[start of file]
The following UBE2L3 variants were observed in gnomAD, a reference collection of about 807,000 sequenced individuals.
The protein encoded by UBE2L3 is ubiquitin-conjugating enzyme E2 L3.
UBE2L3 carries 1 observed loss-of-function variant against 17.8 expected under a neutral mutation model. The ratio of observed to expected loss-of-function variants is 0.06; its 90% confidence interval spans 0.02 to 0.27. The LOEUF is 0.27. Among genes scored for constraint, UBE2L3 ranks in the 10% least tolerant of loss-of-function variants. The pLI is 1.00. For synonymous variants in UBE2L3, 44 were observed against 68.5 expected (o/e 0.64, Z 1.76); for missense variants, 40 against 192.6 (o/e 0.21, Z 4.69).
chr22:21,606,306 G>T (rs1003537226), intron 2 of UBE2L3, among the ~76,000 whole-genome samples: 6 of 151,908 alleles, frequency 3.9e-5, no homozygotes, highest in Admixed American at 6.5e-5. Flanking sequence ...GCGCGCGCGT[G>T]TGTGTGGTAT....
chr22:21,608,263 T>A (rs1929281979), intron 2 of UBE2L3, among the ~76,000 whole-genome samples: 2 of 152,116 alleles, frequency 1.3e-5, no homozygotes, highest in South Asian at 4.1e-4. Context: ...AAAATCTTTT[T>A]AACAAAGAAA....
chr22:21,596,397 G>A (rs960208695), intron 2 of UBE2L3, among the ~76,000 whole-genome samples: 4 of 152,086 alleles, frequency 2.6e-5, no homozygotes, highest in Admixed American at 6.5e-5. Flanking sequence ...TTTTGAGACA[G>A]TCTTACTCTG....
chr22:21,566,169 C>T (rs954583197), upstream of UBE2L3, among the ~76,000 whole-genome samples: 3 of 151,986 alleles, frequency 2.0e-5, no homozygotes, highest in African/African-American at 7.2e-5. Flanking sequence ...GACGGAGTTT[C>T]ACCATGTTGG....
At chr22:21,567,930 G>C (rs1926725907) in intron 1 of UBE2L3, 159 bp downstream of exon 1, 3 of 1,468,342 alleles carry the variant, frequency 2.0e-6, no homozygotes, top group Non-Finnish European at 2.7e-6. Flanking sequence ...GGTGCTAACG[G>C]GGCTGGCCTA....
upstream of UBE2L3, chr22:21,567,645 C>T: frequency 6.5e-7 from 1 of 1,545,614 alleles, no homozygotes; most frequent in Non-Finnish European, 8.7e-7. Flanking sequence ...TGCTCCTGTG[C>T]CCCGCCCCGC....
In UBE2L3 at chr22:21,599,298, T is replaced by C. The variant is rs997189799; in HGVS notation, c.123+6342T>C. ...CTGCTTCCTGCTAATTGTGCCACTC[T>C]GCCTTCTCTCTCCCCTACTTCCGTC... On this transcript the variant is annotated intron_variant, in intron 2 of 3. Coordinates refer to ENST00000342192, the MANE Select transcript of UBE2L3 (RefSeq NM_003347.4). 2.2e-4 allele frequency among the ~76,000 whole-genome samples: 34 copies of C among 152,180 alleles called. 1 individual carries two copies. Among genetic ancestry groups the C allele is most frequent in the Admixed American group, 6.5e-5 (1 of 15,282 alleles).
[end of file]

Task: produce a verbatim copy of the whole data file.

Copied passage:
The following UBE2L3 variants were observed in gnomAD, a reference collection of about 807,000 sequenced individuals.
The protein encoded by UBE2L3 is ubiquitin-conjugating enzyme E2 L3.
UBE2L3 carries 1 observed loss-of-function variant against 17.8 expected under a neutral mutation model. The ratio of observed to expected loss-of-function variants is 0.06; its 90% confidence interval spans 0.02 to 0.27. The LOEUF is 0.27. Among genes scored for constraint, UBE2L3 ranks in the 10% least tolerant of loss-of-function variants. The pLI is 1.00. For synonymous variants in UBE2L3, 44 were observed against 68.5 expected (o/e 0.64, Z 1.76); for missense variants, 40 against 192.6 (o/e 0.21, Z 4.69).
chr22:21,606,306 G>T (rs1003537226), intron 2 of UBE2L3, among the ~76,000 whole-genome samples: 6 of 151,908 alleles, frequency 3.9e-5, no homozygotes, highest in Admixed American at 6.5e-5. Flanking sequence ...GCGCGCGCGT[G>T]TGTGTGGTAT....
chr22:21,608,263 T>A (rs1929281979), intron 2 of UBE2L3, among the ~76,000 whole-genome samples: 2 of 152,116 alleles, frequency 1.3e-5, no homozygotes, highest in South Asian at 4.1e-4. Context: ...AAAATCTTTT[T>A]AACAAAGAAA....
chr22:21,596,397 G>A (rs960208695), intron 2 of UBE2L3, among the ~76,000 whole-genome samples: 4 of 152,086 alleles, frequency 2.6e-5, no homozygotes, highest in Admixed American at 6.5e-5. Flanking sequence ...TTTTGAGACA[G>A]TCTTACTCTG....
chr22:21,566,169 C>T (rs954583197), upstream of UBE2L3, among the ~76,000 whole-genome samples: 3 of 151,986 alleles, frequency 2.0e-5, no homozygotes, highest in African/African-American at 7.2e-5. Flanking sequence ...GACGGAGTTT[C>T]ACCATGTTGG....
At chr22:21,567,930 G>C (rs1926725907) in intron 1 of UBE2L3, 159 bp downstream of exon 1, 3 of 1,468,342 alleles carry the variant, frequency 2.0e-6, no homozygotes, top group Non-Finnish European at 2.7e-6. Flanking sequence ...GGTGCTAACG[G>C]GGCTGGCCTA....
upstream of UBE2L3, chr22:21,567,645 C>T: frequency 6.5e-7 from 1 of 1,545,614 alleles, no homozygotes; most frequent in Non-Finnish European, 8.7e-7. Flanking sequence ...TGCTCCTGTG[C>T]CCCGCCCCGC....
In UBE2L3 at chr22:21,599,298, T is replaced by C. The variant is rs997189799; in HGVS notation, c.123+6342T>C. ...CTGCTTCCTGCTAATTGTGCCACTC[T>C]GCCTTCTCTCTCCCCTACTTCCGTC... On this transcript the variant is annotated intron_variant, in intron 2 of 3. Coordinates refer to ENST00000342192, the MANE Select transcript of UBE2L3 (RefSeq NM_003347.4). 2.2e-4 allele frequency among the ~76,000 whole-genome samples: 34 copies of C among 152,180 alleles called. 1 individual carries two copies. Among genetic ancestry groups the C allele is most frequent in the Admixed American group, 6.5e-5 (1 of 15,282 alleles).